• Support children's natural impulse toward rule making and peer-to-peer negotiation of what is fair
  • Allow time with like-identity peers; support or facilitate mixed-peer time, as well
  • Intervene appropriately against exclusion or bullying, yet affirm children's need to work out relational complexities as a part of their moral development
  • Recognize the unique needs that attend the identity development of children who may be multiracial, multiethnic, transgender, and/or a "minority" in another way
  • Offer children many ways to contribute to the community
  • Give opportunities to "do" religion and be part of a faith community
  • Welcome large spiritual questions; encourage questioning of religion
  • Support self-esteem; affirm the child's developing body and identity
  • Support the whole child as an individual and as a member of the group
  • Provide encouragement and love.

Integrating All Participants

By adapting activities or using alternate activities, you can help make every session inclusive of children with a range of physical and cognitive abilities, learning styles, food allergies, and other needs or limitations. As you plan sessions, be aware of activities that might pose difficulties for children who are differently abled. All spaces, indoor and outdoor, need to be accessible to anyone who might be in the group. Check the width of doorways and aisles, the height of tables and the terrain of outdoor landscapes.

Find out about participants' medical conditions and their allergies, particularly to food. Sessions 5 and 13 offer food activities. Make sure all the children can eat any ingredients in any food you plan to provide.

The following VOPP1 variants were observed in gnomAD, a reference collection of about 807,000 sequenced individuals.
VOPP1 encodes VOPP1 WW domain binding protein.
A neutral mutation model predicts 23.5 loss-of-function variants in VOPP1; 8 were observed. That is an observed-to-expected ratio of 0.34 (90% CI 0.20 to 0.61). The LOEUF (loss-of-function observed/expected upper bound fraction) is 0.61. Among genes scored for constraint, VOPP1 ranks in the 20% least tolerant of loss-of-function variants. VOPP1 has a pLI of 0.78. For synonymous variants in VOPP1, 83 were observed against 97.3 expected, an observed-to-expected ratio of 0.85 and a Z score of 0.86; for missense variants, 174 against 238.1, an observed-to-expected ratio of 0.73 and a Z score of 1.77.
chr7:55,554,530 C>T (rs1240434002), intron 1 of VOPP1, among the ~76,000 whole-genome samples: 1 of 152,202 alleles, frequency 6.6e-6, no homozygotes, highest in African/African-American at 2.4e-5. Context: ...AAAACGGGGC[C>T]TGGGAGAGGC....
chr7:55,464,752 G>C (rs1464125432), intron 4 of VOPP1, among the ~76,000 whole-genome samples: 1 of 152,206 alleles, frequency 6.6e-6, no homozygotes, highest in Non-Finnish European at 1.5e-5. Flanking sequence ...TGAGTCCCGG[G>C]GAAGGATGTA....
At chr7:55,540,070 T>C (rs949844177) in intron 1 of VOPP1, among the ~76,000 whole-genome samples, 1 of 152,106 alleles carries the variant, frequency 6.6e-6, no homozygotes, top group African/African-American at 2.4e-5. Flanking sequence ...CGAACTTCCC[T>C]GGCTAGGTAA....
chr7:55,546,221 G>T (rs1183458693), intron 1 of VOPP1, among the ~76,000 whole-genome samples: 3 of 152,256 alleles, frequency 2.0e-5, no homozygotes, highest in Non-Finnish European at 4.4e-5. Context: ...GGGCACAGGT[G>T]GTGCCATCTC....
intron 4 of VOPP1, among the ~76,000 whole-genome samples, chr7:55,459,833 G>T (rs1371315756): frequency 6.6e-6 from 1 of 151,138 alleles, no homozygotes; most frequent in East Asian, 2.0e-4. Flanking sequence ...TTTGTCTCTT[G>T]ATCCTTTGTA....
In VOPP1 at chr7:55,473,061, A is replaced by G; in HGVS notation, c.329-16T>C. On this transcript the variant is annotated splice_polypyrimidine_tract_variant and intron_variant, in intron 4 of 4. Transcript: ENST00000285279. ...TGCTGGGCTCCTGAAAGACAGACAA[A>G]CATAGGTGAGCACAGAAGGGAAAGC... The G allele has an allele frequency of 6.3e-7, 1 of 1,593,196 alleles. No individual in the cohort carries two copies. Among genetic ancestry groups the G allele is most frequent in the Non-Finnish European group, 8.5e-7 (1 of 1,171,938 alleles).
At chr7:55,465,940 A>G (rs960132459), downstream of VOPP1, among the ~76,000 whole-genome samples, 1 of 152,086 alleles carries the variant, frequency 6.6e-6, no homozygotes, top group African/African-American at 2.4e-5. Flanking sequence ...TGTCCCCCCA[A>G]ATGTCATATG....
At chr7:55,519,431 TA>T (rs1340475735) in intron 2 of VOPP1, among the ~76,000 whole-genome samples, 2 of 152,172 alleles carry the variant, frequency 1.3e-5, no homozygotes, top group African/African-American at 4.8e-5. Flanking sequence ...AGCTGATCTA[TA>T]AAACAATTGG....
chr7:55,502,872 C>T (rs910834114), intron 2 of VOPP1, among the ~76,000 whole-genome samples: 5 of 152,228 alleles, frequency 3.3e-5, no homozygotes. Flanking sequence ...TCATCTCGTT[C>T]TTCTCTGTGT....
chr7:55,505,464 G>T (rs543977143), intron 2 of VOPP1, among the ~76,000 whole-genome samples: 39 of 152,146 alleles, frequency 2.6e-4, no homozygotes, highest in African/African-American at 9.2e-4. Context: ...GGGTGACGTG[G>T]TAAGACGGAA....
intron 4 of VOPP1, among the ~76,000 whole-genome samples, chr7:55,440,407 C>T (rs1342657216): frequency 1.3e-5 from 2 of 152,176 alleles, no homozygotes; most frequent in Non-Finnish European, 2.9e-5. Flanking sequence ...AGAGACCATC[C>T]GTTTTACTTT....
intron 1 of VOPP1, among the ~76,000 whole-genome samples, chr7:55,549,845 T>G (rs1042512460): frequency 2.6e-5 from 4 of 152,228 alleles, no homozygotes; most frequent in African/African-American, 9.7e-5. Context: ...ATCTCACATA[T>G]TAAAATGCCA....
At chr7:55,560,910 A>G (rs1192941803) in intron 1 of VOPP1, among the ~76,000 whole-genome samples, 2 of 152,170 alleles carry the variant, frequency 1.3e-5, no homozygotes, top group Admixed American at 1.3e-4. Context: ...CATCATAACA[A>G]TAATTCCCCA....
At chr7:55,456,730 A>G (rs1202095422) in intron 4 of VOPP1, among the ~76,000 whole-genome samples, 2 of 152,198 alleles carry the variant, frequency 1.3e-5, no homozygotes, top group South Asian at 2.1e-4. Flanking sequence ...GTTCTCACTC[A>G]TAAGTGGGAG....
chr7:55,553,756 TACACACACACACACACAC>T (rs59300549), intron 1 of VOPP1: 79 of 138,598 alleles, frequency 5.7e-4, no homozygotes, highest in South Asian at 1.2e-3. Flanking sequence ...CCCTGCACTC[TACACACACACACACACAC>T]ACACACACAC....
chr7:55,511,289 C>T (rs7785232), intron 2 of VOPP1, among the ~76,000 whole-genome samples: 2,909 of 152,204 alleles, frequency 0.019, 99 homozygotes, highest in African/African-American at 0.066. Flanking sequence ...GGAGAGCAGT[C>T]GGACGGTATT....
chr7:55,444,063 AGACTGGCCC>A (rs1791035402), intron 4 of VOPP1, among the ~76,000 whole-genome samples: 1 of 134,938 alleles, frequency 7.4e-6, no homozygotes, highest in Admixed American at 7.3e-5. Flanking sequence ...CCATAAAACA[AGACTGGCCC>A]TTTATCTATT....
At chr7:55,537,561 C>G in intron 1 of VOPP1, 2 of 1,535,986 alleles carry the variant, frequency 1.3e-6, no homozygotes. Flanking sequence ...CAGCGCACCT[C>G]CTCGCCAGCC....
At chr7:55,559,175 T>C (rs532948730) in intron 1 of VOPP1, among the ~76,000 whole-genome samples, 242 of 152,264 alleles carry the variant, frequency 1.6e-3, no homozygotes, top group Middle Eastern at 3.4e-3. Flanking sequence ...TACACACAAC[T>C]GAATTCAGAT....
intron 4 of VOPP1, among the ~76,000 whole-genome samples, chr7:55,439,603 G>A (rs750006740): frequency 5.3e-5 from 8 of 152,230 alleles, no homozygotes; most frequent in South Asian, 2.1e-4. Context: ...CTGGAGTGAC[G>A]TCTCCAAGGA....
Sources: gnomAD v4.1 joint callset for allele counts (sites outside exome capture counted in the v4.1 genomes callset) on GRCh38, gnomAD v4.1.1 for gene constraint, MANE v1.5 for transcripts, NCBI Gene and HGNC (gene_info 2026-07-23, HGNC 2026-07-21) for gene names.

Each session mixes active and quiet, expressive and listening, and whole group and individual activities. You may substitute alternate activities for core activities if you feel they better suit a group. As you recognize different learning styles among the participants, let this information guide your design of each session.

In the Including All Participants sections, you will often find the suggestion to bring out the fidget objects basket. A basket full of manipulable objects, such as pipe cleaners or clay, can keep restless hands and minds busy. Make fidget objects available when you feel that some or all of the children may have difficulty sitting through longer periods of listening or discussion. Find more information about fidget objects in the Before You Start section of this Introduction and in Session 2, Leader Resource 2.

Some activity descriptions mention specific concerns or suggest adaptations under the heading Including All Participants. Feel free to devise your own adaptations to meet any special needs you perceive. As the leader, you will know best how to provide a fully inclusive learning experience for the group. If you have questions about the accessibility or adaptability of a particular activity, please ask your director of religious education for advice.

In the Teacher Development section of the Unitarian Universalist Association of Congregations website, find descriptions of a helpful resource book, Sally Patton's Welcoming Children with Special Needs.

For more information contact web @ uua.org.

This work is made possible by the generosity of individual donors and congregations. Please consider making a donation today.

Last updated on Thursday, October 27, 2011.